4. Reflect on Positive Summer Memories

Our children only have so many summer vacations and school breaks in their childhoods. (I try to remind myself of this on the days when my boys are squabbling with each other, and as their mom I just wish school would start – perhaps you can relate?) Summer vacation can be a joyful and fun time as a family. It can also be stressful at times, dealing with our kids’ extended break from school when juggling family and work responsibilities all at once.

Perhaps you have enjoyed some family holidays; your kids might have gone to camp or other special summer adventures. It can be helpful to acknowledge the highlights of your summer together. Make a family collage of photos; make a slideshow; write a journal of summer highlights. Or find some other fun and creative way to reflect on and capture the special memories from summer vacation. You can talk about your favourite family memories and the highs from the summer while you make your creation. This helps you and your children acknowledge the summer in a meaningful way, and it can be a positive family experience to reflect on the great memories you have made together.

If it has been a difficult summer for some reason (maybe you moved, or there has been illness in your family or other challenges to deal with), it can also be a chance to discuss this as a family and to draw out the good things that have come from the challenges. This helps to foster resilience and communication within your family – both of which are helpful for success in school and life.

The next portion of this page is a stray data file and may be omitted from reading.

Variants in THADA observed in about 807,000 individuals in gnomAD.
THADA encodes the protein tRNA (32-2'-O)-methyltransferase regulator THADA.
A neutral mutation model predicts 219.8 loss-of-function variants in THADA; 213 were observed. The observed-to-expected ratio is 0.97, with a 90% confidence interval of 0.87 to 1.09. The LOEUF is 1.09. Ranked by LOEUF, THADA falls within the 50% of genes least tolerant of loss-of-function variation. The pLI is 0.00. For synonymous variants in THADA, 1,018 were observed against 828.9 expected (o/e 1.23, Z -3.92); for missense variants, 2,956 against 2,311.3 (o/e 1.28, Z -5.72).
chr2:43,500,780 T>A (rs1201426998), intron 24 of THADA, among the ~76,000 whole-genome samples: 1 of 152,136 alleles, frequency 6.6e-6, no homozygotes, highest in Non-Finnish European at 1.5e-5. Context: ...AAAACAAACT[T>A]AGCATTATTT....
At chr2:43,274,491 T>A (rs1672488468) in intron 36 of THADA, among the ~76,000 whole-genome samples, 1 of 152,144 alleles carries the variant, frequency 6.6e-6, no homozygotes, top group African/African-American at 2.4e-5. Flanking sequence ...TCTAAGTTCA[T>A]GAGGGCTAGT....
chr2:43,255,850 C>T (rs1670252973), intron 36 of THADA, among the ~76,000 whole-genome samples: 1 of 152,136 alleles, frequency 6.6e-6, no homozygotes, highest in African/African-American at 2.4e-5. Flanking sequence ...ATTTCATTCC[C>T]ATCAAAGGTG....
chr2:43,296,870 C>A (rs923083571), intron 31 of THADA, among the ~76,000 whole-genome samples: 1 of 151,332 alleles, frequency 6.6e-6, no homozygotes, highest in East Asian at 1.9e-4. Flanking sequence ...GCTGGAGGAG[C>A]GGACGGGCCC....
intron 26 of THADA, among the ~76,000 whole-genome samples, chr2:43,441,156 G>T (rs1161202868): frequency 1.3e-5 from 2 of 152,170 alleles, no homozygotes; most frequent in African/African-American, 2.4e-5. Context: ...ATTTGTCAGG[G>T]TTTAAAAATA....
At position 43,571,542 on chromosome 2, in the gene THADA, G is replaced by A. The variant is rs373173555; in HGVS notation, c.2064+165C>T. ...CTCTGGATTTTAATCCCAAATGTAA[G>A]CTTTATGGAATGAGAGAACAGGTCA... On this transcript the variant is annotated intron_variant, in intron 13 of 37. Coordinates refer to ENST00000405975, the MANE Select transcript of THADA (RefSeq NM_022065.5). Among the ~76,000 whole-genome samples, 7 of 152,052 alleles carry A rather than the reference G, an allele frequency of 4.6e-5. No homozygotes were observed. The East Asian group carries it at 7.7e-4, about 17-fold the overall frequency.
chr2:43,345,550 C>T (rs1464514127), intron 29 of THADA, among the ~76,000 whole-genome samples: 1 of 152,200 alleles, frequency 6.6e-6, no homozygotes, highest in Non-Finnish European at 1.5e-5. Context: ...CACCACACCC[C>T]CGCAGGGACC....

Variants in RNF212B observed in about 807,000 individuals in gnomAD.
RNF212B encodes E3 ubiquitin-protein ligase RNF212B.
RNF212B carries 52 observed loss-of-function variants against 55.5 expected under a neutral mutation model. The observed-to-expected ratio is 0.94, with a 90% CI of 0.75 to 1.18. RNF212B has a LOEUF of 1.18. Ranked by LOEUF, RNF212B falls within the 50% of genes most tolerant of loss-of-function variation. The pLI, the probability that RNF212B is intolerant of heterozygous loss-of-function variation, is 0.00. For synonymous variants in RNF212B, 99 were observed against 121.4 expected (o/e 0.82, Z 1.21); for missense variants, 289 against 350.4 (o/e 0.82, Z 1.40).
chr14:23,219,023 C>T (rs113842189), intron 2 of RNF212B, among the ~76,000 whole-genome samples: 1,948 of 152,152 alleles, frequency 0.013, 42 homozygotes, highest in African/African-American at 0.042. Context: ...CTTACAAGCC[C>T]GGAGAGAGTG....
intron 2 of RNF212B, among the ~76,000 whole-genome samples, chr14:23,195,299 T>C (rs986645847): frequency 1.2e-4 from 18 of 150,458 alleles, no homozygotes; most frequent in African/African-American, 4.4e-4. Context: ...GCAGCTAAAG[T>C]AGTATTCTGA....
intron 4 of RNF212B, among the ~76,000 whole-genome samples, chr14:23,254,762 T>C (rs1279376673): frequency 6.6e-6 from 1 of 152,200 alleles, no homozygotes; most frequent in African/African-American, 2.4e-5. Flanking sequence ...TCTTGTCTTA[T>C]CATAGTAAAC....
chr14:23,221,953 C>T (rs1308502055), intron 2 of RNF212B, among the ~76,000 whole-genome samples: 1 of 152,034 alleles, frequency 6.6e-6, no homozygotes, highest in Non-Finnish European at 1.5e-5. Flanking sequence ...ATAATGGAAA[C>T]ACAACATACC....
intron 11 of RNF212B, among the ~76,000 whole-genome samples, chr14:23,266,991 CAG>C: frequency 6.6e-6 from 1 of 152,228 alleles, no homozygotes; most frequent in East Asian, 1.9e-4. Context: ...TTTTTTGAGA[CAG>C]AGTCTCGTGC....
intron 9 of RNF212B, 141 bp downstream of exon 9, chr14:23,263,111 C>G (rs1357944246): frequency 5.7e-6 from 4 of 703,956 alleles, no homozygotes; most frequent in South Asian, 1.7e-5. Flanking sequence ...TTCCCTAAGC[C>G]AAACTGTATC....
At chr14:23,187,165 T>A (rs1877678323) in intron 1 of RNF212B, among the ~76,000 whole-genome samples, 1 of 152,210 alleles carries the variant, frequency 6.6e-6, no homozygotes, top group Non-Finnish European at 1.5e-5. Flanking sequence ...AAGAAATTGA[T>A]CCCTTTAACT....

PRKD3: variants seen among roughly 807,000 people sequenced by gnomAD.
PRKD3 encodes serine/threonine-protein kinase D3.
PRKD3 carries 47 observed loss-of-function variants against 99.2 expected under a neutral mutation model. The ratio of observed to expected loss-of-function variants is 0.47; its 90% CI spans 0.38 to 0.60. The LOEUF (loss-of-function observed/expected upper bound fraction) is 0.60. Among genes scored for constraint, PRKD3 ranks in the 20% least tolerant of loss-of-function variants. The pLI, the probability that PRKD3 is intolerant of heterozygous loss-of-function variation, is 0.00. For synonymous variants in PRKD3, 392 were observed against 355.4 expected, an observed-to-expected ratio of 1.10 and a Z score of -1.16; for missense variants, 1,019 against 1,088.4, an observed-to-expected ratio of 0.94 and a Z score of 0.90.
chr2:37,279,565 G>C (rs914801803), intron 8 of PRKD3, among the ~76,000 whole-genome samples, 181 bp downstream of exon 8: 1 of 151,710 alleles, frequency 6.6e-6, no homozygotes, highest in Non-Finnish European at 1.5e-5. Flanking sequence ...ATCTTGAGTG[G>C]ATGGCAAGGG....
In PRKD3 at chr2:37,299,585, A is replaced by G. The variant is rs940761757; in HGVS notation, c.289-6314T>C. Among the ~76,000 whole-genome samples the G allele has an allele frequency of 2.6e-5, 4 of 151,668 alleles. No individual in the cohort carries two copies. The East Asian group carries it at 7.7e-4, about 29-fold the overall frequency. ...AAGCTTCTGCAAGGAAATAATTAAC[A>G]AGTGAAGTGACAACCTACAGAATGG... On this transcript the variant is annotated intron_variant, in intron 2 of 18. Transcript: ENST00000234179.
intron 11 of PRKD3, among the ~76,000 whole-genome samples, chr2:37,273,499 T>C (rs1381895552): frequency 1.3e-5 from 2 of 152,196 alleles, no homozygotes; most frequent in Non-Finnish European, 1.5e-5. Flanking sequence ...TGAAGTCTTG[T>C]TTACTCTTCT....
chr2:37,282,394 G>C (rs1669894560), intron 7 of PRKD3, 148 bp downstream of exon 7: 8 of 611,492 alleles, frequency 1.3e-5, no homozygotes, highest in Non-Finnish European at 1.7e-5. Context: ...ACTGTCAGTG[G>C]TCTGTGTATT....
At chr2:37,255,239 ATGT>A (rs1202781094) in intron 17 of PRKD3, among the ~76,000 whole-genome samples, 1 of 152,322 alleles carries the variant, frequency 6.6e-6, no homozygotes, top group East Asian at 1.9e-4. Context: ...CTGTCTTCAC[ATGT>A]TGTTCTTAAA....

5. Set Positive Intentions for the School Year Ahead

Kids can benefit from making goals and setting intentions for the school year ahead. You can help your child think and talk about their hopes, fears, goals and intentions for the school year by setting up a family time to discuss such things. I just finished writing some questions down on cue cards (recipe cards) to help facilitate this type of conversation with our sons (ages 10 and 8). This week-end, before they start school next week, we will have an intention sharing circle around a campfire in our yard.

Some of the questions (conversation starters) include: What is the one thing you really hope happens in grade 3 (or whatever grade your child is entering)? Who are you excited to spend time with at school? What do you want to learn about? What do you think the first week of school will be like? What worries or questions do you have about the school year ahead? What friends do you want to have play dates with once school gets started? What is your biggest wish for the school year ahead?

Pause for a moment and think about the strategies you already use for helping your child (and yourself) prepare to go back to school. What is effective? What helps during this time of transition? You are the expert in your family’s experiences. Wishing you the very best as you help your child prepare for back to school.

For more FREE RESOURCES on this topic and others, visit our free resources page.


Lynda Monk

MSW, RSW – Trainer, Crisis & Trauma Resource Institute